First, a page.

What Happened to Super CAPTCHA
I am the creator of Super CAPTCHA. It was a project I worked on a while back to lock down a few clients websites as part of a value-add program for them. I started to see the value in this new type of CAPTCHA system I created and patented the idea as well as the software itself while offering the software and its source free of charge and in an open-source format very much so in line with the GPL but by retaining ownership and the right to monetize the sub-part of the software (the CAPTCHA technique) later on.
You see, true GPL is a two-way street. When someone releases something that is GPL they have in essence surrendered any future of ever profiting from any part of the code they created. It really takes a huge leap to discount the code you make to this level of worthlessness. We choose not to do this but still allow the users of the code the freedom to modify it to how they see fit and to make their own improvements as they saw fit without recourse of any kind with one stipulation of honor — keeping the credit line at the bottom of the plugin.
A few months ago, a WordPress moderator decided that he had a point to prove. Our plugin was getting very popular very quick. In less than one year of being on WordPress.org the plugin garnered some 200,000 downloads, which only seconds Buddypress and a few other plugins which are much more extensive projects. These plugins however all have the same credit byline that we also asked users to keep at the bottom of their pages. Buddypress will place this link at the bottom — heck even vanilla WordPress will do this while asking you to keep it there to show your support.
We did the same thing. And then, a few months later, a new ‘rule’ was added to WordPress.org baring plugins from adding these credits to their plugins. I stress ‘adding’ as a keyword because this is the clause the other plugins such as Buddypress exploits to keep its credit byline in its code without being removed from the WordPress repository. We did the same. For a while we were able and even told that it was ok to keep it there in future updates so long as there was an option to remove it. The option was indeed there and to make it easier, we added a “tick box” to the back-end of the site to disable it.
This moderator however did not appreciate free work and seemed to expect that people offer the code he wanted free of charge without anything in return. Instead of simply stating opinion, he decided to take the most authoritative route of action and close the plugin’s project, thereby making the plugin unavailable to everyone on WordPress and shutting out 18 other developers from contributing to the open source project. Mind you Buddypress and many other plugins still exist and open that do the same and as this was mentioned the posts made were deleted.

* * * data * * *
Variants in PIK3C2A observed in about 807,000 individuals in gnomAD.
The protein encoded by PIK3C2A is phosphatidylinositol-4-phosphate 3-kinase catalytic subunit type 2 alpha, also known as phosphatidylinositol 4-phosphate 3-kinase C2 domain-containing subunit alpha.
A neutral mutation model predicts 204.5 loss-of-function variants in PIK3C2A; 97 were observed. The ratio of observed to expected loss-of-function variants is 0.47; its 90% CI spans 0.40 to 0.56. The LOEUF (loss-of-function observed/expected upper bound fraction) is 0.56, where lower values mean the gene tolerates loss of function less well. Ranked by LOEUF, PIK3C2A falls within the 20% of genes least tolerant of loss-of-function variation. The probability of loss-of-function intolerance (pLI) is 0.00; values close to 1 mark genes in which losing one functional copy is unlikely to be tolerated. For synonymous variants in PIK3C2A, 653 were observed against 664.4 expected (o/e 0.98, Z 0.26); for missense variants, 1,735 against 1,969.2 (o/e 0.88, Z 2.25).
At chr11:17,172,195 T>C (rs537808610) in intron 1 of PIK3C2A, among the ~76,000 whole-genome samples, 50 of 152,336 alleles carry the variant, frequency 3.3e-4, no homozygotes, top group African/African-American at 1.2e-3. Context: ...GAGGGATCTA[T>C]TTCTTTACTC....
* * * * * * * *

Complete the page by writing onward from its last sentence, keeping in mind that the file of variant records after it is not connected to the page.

Just for the record, these plugins are Buddypress, Akismet, Stats, JetPack, and nearly every theme-based plugin on the list.
Instead of playing a silly game with this moderator, we appealed to the plugin administrators of WordPress with the a reinforcing response. At this point, and still refusing to engage in silly games, we decided to abandon the project on WordPress.org and are now working on this project from our own servers and offering it only on our website and other outlets whom offer to distribute the software as-is and free of charge like Softpedia. This will remain the case until WordPress.org amends their policy and decides upon themselves to dissolve their decision on the project “Super CAPTCHA”.
I would like to extend my deepest apologies to everyone whom supported this project. I do realize that if I had played their games this would have never happened and realize that my lack of negotiation skills as well as strong ethics in the matter ultimately lead to this result and again, I apologize. I will pledge my support on our website and would like to state for the record, that this project will be kept active and freely downloadable from our website for as long as the support lasts. As long as we have one person not of this company supporting the software, we will pledge to keep it active, updated, and secure.
If you have any questions or comments on this issue, please feel free to leave your reply here or email me by my contact form
I humbly thank you for your understanding.